Two men have been taken into custody for their alleged ties to a money counterfeiting ring, police said yesterday.
One suspect is a temple master surnamed Hsieh (謝). About NT$3.6 million (US$118,409) in counterfeit US banknotes was found at his temple in Taoyuan, the Criminal Investigation Bureau said in a statement, adding that the other is a Taichung resident surnamed (高).
Hsieh, 68, has been in detention since late last year, International Criminal Affairs Division officer Lee Yang-chi (李泱輯) said, adding that 61-year-old Kao was apprehended earlier this week after a weeks-long search, with prosecutors placing him under travel restrictions and confining him to his home after questioning.
Photo: Chiu Chun-fu, Taipei Times
“The seized US$100 bills are of very high quality owing to a high-level counterfeiting production process,” Lee said.
“They look and feel just like real US banknotes and can pass testing by small detectors used by bank clerks,” Lee added. “Most people would have difficulty determining if these are real or fake.”
A preliminary assessment of the evidence indicated that the counterfeit bills were of the same origin as those seized during a raid in December last year from a currency counterfeiting ring, which resulted in the arrest of five alleged members, the bureau said.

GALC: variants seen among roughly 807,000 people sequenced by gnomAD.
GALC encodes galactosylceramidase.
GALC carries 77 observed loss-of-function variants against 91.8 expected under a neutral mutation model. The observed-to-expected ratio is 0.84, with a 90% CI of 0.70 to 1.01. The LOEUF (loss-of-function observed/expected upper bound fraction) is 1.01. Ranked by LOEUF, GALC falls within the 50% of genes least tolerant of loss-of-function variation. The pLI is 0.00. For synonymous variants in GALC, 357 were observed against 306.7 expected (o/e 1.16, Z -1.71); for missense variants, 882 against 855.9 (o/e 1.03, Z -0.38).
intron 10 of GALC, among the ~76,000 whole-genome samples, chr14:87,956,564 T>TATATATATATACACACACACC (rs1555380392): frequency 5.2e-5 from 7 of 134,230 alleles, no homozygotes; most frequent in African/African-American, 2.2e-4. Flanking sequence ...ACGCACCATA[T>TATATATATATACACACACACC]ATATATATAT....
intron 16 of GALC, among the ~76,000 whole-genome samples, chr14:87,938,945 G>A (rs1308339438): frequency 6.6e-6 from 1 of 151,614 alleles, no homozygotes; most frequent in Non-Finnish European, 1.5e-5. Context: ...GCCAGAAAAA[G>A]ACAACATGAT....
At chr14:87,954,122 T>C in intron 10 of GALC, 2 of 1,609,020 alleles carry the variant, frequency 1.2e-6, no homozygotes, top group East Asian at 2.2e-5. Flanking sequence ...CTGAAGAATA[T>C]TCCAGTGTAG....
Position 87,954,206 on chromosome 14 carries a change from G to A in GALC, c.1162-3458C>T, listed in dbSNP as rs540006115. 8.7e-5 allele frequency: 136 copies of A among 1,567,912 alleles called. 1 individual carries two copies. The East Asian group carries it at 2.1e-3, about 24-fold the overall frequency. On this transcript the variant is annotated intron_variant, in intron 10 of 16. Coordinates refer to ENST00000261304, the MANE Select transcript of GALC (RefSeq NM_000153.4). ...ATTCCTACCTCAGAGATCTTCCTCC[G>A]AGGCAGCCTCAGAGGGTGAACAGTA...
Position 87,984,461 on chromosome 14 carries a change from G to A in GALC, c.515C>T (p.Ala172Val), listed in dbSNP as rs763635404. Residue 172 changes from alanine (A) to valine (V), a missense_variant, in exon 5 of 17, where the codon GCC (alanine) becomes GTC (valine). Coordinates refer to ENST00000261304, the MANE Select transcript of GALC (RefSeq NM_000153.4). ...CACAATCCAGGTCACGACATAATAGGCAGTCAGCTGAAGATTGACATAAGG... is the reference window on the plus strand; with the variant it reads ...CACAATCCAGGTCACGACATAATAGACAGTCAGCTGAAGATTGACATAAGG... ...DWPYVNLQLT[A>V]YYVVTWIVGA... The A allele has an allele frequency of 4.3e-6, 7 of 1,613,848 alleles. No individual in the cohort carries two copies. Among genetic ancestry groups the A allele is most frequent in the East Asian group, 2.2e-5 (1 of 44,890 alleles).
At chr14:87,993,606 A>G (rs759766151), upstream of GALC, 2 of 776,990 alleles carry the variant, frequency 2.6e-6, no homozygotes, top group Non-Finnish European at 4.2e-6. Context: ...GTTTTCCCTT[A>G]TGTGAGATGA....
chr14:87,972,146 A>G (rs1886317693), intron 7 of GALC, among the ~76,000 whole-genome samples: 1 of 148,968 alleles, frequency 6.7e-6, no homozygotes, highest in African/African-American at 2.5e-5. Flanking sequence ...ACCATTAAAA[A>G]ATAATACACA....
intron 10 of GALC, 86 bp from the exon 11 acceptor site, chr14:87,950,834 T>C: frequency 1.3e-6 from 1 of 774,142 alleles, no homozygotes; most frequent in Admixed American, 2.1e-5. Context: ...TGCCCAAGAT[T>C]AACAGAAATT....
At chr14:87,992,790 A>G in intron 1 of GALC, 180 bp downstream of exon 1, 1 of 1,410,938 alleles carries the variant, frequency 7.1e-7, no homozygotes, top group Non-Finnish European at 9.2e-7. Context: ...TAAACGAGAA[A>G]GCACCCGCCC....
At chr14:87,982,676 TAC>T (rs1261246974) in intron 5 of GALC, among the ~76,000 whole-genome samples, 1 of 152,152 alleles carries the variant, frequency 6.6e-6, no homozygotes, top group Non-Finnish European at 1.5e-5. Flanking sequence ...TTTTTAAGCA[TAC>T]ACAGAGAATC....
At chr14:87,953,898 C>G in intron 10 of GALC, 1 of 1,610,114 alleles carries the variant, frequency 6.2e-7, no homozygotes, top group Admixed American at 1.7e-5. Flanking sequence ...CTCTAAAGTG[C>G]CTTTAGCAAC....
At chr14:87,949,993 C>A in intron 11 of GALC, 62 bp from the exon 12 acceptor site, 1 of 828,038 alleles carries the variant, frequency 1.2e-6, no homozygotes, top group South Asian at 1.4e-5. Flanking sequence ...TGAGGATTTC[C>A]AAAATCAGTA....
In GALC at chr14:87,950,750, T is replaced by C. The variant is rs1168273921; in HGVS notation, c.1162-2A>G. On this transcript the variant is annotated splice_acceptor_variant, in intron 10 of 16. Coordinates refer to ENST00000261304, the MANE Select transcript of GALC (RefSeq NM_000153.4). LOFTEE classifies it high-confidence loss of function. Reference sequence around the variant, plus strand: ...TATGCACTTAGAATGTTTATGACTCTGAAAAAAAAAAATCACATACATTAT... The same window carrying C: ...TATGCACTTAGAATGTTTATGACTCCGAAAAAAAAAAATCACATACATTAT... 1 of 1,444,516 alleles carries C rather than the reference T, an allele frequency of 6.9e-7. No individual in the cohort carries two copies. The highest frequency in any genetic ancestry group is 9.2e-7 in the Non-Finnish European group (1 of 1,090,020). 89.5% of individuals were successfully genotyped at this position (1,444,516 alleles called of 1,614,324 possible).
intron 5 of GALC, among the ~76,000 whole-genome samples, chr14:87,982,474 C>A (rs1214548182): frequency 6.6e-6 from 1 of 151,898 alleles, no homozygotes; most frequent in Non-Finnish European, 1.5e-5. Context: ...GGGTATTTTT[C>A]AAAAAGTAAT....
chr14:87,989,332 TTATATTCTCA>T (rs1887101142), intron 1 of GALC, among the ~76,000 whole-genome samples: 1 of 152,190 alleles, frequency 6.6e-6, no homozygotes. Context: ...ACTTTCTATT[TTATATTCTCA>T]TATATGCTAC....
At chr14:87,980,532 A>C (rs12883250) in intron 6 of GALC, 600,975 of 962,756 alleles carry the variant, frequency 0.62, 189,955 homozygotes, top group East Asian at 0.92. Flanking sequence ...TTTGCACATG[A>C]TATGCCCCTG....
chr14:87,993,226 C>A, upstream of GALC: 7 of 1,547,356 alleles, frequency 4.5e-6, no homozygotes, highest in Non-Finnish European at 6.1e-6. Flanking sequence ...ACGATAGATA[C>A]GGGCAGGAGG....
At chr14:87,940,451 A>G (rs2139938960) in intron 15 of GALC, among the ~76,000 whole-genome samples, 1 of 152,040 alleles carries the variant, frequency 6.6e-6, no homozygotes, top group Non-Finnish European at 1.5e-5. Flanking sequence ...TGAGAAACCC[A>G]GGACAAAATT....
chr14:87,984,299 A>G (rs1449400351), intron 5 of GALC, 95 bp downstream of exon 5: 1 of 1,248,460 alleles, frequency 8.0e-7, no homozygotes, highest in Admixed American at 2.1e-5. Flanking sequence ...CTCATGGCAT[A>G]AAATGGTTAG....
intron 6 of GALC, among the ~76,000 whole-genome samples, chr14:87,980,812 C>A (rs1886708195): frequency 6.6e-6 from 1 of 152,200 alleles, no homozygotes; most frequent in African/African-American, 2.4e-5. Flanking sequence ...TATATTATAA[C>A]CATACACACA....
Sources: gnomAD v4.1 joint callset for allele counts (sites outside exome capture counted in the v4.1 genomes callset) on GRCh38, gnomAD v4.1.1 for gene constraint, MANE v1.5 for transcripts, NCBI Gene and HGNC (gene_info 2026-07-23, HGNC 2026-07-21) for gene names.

In that operation in Taipei, New Taipei City’s Sanchong District (三重), Taoyuan and Changhua County, police recovered US$11.04 million of fake US$100 bills made on a top-of-the-line printing press operated by a then-64-year-old man surnamed Liao (廖).
The bureau tracked down the suspects following reports by a bank in Taoyuan of receiving possible fake US banknotes, which passed initial detection, but were later found to be forgeries by more sophisticated equipment, Lee said.
The evidence eventually led to Hsieh, Lee said, adding that police in November last year conducted a search that uncovered 1,200 fake US$100 bills in his temple and detained him for questioning.
Kao apparently bought the counterfeit bills from Hsieh and went to local markets to sell them, exchanging one for NT$400, despite a real US$100 bill being worth about NT$3,000, Lee said.
“The counterfeits Kao sold were then locally resold to Southeast Asian migrant workers, who could remit US currency home,” Lee said, adding that Hsieh had sold about US$30,000 of fake bills.
Kao and Hsieh face charges of counterfeiting valuable securities, the bureau said, adding that an investigation is under way to verify links with Liao’s operation.
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